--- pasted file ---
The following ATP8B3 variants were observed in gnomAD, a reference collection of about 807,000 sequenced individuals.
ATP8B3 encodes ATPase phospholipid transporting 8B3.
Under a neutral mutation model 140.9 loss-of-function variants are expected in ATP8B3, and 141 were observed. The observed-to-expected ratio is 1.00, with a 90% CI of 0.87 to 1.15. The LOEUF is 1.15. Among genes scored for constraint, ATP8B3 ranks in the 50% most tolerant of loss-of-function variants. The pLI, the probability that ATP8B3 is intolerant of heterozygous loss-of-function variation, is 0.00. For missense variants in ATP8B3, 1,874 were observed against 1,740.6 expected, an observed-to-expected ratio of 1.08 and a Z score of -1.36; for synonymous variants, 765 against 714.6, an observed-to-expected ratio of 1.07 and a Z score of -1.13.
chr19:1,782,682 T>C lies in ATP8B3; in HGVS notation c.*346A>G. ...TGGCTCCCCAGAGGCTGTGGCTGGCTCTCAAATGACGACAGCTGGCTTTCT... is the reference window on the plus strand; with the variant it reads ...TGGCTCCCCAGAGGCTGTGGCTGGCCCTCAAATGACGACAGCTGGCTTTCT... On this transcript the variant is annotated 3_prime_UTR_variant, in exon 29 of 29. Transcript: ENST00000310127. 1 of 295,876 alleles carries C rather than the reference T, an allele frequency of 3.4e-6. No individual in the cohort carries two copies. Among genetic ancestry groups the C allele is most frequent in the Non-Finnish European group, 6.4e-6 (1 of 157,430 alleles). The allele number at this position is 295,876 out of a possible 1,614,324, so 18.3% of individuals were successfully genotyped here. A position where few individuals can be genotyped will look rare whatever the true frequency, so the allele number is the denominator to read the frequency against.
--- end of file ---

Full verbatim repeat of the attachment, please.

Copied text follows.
The following ATP8B3 variants were observed in gnomAD, a reference collection of about 807,000 sequenced individuals.
ATP8B3 encodes ATPase phospholipid transporting 8B3.
Under a neutral mutation model 140.9 loss-of-function variants are expected in ATP8B3, and 141 were observed. The observed-to-expected ratio is 1.00, with a 90% CI of 0.87 to 1.15. The LOEUF is 1.15. Among genes scored for constraint, ATP8B3 ranks in the 50% most tolerant of loss-of-function variants. The pLI, the probability that ATP8B3 is intolerant of heterozygous loss-of-function variation, is 0.00. For missense variants in ATP8B3, 1,874 were observed against 1,740.6 expected, an observed-to-expected ratio of 1.08 and a Z score of -1.36; for synonymous variants, 765 against 714.6, an observed-to-expected ratio of 1.07 and a Z score of -1.13.
chr19:1,782,682 T>C lies in ATP8B3; in HGVS notation c.*346A>G. ...TGGCTCCCCAGAGGCTGTGGCTGGCTCTCAAATGACGACAGCTGGCTTTCT... is the reference window on the plus strand; with the variant it reads ...TGGCTCCCCAGAGGCTGTGGCTGGCCCTCAAATGACGACAGCTGGCTTTCT... On this transcript the variant is annotated 3_prime_UTR_variant, in exon 29 of 29. Transcript: ENST00000310127. 1 of 295,876 alleles carries C rather than the reference T, an allele frequency of 3.4e-6. No individual in the cohort carries two copies. Among genetic ancestry groups the C allele is most frequent in the Non-Finnish European group, 6.4e-6 (1 of 157,430 alleles). The allele number at this position is 295,876 out of a possible 1,614,324, so 18.3% of individuals were successfully genotyped here. A position where few individuals can be genotyped will look rare whatever the true frequency, so the allele number is the denominator to read the frequency against.